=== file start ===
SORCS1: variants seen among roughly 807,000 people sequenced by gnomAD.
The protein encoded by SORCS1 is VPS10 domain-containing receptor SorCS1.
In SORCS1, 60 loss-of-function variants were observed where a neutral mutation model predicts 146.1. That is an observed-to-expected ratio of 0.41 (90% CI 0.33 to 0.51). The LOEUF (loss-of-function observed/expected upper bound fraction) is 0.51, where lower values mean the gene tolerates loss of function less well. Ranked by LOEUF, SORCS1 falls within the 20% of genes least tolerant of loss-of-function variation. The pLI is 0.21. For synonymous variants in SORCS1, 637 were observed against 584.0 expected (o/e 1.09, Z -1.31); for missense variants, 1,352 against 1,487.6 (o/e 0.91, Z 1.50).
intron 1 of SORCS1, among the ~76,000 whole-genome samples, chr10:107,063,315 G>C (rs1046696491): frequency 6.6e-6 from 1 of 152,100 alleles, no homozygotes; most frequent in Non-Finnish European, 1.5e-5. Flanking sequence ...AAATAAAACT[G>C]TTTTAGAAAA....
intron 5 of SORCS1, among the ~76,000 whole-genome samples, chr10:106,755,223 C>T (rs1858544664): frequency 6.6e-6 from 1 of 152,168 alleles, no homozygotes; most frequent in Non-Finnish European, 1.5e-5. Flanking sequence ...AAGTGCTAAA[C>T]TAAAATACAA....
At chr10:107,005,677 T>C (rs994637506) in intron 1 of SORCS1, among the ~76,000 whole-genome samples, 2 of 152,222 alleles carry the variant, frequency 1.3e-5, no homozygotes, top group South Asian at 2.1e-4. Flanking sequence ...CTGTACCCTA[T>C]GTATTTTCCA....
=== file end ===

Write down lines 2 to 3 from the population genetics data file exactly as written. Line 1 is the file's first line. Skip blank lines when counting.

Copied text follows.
The protein encoded by SORCS1 is VPS10 domain-containing receptor SorCS1.
In SORCS1, 60 loss-of-function variants were observed where a neutral mutation model predicts 146.1. That is an observed-to-expected ratio of 0.41 (90% CI 0.33 to 0.51). The LOEUF (loss-of-function observed/expected upper bound fraction) is 0.51, where lower values mean the gene tolerates loss of function less well. Ranked by LOEUF, SORCS1 falls within the 20% of genes least tolerant of loss-of-function variation. The pLI is 0.21. For synonymous variants in SORCS1, 637 were observed against 584.0 expected (o/e 1.09, Z -1.31); for missense variants, 1,352 against 1,487.6 (o/e 0.91, Z 1.50).